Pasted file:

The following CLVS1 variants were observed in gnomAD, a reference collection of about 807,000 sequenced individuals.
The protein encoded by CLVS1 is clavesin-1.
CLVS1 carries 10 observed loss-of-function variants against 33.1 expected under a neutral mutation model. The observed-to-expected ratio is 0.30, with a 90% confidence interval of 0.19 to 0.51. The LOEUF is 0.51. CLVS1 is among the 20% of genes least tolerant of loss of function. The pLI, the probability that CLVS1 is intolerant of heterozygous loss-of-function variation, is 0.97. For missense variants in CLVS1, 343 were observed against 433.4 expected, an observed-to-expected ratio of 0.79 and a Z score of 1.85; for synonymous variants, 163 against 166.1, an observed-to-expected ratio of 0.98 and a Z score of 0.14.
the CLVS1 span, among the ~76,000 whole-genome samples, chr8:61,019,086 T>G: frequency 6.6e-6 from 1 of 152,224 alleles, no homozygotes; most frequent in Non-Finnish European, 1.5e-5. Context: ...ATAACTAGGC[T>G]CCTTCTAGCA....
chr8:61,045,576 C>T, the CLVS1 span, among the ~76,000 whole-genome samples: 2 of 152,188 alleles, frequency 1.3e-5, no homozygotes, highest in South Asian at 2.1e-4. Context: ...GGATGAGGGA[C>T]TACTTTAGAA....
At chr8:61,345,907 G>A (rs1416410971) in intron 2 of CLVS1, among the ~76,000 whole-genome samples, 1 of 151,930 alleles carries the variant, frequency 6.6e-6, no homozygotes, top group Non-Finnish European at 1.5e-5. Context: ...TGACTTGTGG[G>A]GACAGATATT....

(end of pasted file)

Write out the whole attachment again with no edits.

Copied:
The following CLVS1 variants were observed in gnomAD, a reference collection of about 807,000 sequenced individuals.
The protein encoded by CLVS1 is clavesin-1.
CLVS1 carries 10 observed loss-of-function variants against 33.1 expected under a neutral mutation model. The observed-to-expected ratio is 0.30, with a 90% confidence interval of 0.19 to 0.51. The LOEUF is 0.51. CLVS1 is among the 20% of genes least tolerant of loss of function. The pLI, the probability that CLVS1 is intolerant of heterozygous loss-of-function variation, is 0.97. For missense variants in CLVS1, 343 were observed against 433.4 expected, an observed-to-expected ratio of 0.79 and a Z score of 1.85; for synonymous variants, 163 against 166.1, an observed-to-expected ratio of 0.98 and a Z score of 0.14.
the CLVS1 span, among the ~76,000 whole-genome samples, chr8:61,019,086 T>G: frequency 6.6e-6 from 1 of 152,224 alleles, no homozygotes; most frequent in Non-Finnish European, 1.5e-5. Context: ...ATAACTAGGC[T>G]CCTTCTAGCA....
chr8:61,045,576 C>T, the CLVS1 span, among the ~76,000 whole-genome samples: 2 of 152,188 alleles, frequency 1.3e-5, no homozygotes, highest in South Asian at 2.1e-4. Context: ...GGATGAGGGA[C>T]TACTTTAGAA....
At chr8:61,345,907 G>A (rs1416410971) in intron 2 of CLVS1, among the ~76,000 whole-genome samples, 1 of 151,930 alleles carries the variant, frequency 6.6e-6, no homozygotes, top group Non-Finnish European at 1.5e-5. Context: ...TGACTTGTGG[G>A]GACAGATATT....